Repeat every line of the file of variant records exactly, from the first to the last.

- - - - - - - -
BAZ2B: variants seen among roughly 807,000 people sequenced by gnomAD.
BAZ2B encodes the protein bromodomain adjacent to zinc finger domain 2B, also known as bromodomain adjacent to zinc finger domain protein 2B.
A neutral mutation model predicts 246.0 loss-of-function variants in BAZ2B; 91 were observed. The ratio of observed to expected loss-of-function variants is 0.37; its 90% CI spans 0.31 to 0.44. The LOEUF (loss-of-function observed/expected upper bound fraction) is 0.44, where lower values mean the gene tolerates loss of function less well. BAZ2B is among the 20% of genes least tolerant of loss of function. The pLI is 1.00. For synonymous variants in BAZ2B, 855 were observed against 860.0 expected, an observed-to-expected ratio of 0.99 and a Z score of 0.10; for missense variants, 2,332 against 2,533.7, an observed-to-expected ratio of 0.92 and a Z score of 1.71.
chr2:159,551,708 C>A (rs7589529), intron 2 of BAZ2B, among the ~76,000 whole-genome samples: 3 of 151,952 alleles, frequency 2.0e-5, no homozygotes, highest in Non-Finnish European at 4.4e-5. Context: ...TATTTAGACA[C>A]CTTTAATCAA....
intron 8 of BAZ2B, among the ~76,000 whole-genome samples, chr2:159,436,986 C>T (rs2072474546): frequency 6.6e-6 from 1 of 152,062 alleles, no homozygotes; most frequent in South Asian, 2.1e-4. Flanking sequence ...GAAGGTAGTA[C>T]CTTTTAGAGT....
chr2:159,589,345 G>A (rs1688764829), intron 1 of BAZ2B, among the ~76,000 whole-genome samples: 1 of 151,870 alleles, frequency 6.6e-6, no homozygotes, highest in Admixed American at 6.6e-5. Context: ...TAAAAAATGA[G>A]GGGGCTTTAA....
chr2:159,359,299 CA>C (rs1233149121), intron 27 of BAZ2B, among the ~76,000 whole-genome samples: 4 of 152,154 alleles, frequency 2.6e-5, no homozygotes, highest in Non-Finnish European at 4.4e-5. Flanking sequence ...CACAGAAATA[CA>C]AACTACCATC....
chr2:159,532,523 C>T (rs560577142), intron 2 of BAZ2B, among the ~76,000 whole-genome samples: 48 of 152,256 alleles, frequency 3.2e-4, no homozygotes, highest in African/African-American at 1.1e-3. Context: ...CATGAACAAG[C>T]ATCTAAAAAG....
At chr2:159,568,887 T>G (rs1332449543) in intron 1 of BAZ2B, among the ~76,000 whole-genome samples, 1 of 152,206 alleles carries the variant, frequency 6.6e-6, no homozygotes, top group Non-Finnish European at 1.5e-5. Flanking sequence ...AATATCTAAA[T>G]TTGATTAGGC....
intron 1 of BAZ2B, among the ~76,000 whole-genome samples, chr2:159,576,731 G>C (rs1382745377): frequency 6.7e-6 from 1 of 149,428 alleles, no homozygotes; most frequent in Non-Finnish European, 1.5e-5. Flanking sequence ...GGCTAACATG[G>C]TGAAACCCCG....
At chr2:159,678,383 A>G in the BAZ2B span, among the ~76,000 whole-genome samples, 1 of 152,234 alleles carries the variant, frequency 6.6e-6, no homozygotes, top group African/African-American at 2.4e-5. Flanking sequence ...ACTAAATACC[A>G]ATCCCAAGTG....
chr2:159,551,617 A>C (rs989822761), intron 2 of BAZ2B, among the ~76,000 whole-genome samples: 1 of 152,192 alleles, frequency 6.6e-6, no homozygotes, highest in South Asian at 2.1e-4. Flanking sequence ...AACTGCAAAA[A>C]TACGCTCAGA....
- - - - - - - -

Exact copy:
BAZ2B: variants seen among roughly 807,000 people sequenced by gnomAD.
BAZ2B encodes the protein bromodomain adjacent to zinc finger domain 2B, also known as bromodomain adjacent to zinc finger domain protein 2B.
A neutral mutation model predicts 246.0 loss-of-function variants in BAZ2B; 91 were observed. The ratio of observed to expected loss-of-function variants is 0.37; its 90% CI spans 0.31 to 0.44. The LOEUF (loss-of-function observed/expected upper bound fraction) is 0.44, where lower values mean the gene tolerates loss of function less well. BAZ2B is among the 20% of genes least tolerant of loss of function. The pLI is 1.00. For synonymous variants in BAZ2B, 855 were observed against 860.0 expected, an observed-to-expected ratio of 0.99 and a Z score of 0.10; for missense variants, 2,332 against 2,533.7, an observed-to-expected ratio of 0.92 and a Z score of 1.71.
chr2:159,551,708 C>A (rs7589529), intron 2 of BAZ2B, among the ~76,000 whole-genome samples: 3 of 151,952 alleles, frequency 2.0e-5, no homozygotes, highest in Non-Finnish European at 4.4e-5. Context: ...TATTTAGACA[C>A]CTTTAATCAA....
intron 8 of BAZ2B, among the ~76,000 whole-genome samples, chr2:159,436,986 C>T (rs2072474546): frequency 6.6e-6 from 1 of 152,062 alleles, no homozygotes; most frequent in South Asian, 2.1e-4. Flanking sequence ...GAAGGTAGTA[C>T]CTTTTAGAGT....
chr2:159,589,345 G>A (rs1688764829), intron 1 of BAZ2B, among the ~76,000 whole-genome samples: 1 of 151,870 alleles, frequency 6.6e-6, no homozygotes, highest in Admixed American at 6.6e-5. Context: ...TAAAAAATGA[G>A]GGGGCTTTAA....
chr2:159,359,299 CA>C (rs1233149121), intron 27 of BAZ2B, among the ~76,000 whole-genome samples: 4 of 152,154 alleles, frequency 2.6e-5, no homozygotes, highest in Non-Finnish European at 4.4e-5. Flanking sequence ...CACAGAAATA[CA>C]AACTACCATC....
chr2:159,532,523 C>T (rs560577142), intron 2 of BAZ2B, among the ~76,000 whole-genome samples: 48 of 152,256 alleles, frequency 3.2e-4, no homozygotes, highest in African/African-American at 1.1e-3. Context: ...CATGAACAAG[C>T]ATCTAAAAAG....
At chr2:159,568,887 T>G (rs1332449543) in intron 1 of BAZ2B, among the ~76,000 whole-genome samples, 1 of 152,206 alleles carries the variant, frequency 6.6e-6, no homozygotes, top group Non-Finnish European at 1.5e-5. Flanking sequence ...AATATCTAAA[T>G]TTGATTAGGC....
intron 1 of BAZ2B, among the ~76,000 whole-genome samples, chr2:159,576,731 G>C (rs1382745377): frequency 6.7e-6 from 1 of 149,428 alleles, no homozygotes; most frequent in Non-Finnish European, 1.5e-5. Flanking sequence ...GGCTAACATG[G>C]TGAAACCCCG....
At chr2:159,678,383 A>G in the BAZ2B span, among the ~76,000 whole-genome samples, 1 of 152,234 alleles carries the variant, frequency 6.6e-6, no homozygotes, top group African/African-American at 2.4e-5. Flanking sequence ...ACTAAATACC[A>G]ATCCCAAGTG....
chr2:159,551,617 A>C (rs989822761), intron 2 of BAZ2B, among the ~76,000 whole-genome samples: 1 of 152,192 alleles, frequency 6.6e-6, no homozygotes, highest in South Asian at 2.1e-4. Flanking sequence ...AACTGCAAAA[A>C]TACGCTCAGA....